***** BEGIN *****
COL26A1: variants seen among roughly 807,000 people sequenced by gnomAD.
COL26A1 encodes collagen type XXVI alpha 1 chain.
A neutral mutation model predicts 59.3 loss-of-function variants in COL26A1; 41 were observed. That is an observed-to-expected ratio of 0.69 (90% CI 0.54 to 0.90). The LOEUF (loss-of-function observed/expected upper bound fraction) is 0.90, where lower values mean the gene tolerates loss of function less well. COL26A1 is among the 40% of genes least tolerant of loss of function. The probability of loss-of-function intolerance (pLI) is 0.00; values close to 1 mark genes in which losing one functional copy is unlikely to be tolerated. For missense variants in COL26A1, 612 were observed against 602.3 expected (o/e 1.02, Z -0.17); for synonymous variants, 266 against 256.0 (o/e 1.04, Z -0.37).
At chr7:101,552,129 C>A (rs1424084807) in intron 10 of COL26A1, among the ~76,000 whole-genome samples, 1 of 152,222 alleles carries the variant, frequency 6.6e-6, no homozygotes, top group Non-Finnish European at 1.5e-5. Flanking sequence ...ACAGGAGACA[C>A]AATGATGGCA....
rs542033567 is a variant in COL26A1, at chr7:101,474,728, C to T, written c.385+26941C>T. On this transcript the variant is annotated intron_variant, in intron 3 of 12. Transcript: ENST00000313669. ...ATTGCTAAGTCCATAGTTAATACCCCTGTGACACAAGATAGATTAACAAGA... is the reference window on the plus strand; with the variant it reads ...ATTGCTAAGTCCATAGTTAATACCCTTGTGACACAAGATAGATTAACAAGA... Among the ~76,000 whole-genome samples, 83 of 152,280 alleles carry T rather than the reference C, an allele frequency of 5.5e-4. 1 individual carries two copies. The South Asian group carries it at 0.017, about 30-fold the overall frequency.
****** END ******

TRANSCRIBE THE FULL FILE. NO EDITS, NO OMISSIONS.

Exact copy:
COL26A1: variants seen among roughly 807,000 people sequenced by gnomAD.
COL26A1 encodes collagen type XXVI alpha 1 chain.
A neutral mutation model predicts 59.3 loss-of-function variants in COL26A1; 41 were observed. That is an observed-to-expected ratio of 0.69 (90% CI 0.54 to 0.90). The LOEUF (loss-of-function observed/expected upper bound fraction) is 0.90, where lower values mean the gene tolerates loss of function less well. COL26A1 is among the 40% of genes least tolerant of loss of function. The probability of loss-of-function intolerance (pLI) is 0.00; values close to 1 mark genes in which losing one functional copy is unlikely to be tolerated. For missense variants in COL26A1, 612 were observed against 602.3 expected (o/e 1.02, Z -0.17); for synonymous variants, 266 against 256.0 (o/e 1.04, Z -0.37).
At chr7:101,552,129 C>A (rs1424084807) in intron 10 of COL26A1, among the ~76,000 whole-genome samples, 1 of 152,222 alleles carries the variant, frequency 6.6e-6, no homozygotes, top group Non-Finnish European at 1.5e-5. Flanking sequence ...ACAGGAGACA[C>A]AATGATGGCA....
rs542033567 is a variant in COL26A1, at chr7:101,474,728, C to T, written c.385+26941C>T. On this transcript the variant is annotated intron_variant, in intron 3 of 12. Transcript: ENST00000313669. ...ATTGCTAAGTCCATAGTTAATACCCCTGTGACACAAGATAGATTAACAAGA... is the reference window on the plus strand; with the variant it reads ...ATTGCTAAGTCCATAGTTAATACCCTTGTGACACAAGATAGATTAACAAGA... Among the ~76,000 whole-genome samples, 83 of 152,280 alleles carry T rather than the reference C, an allele frequency of 5.5e-4. 1 individual carries two copies. The South Asian group carries it at 0.017, about 30-fold the overall frequency.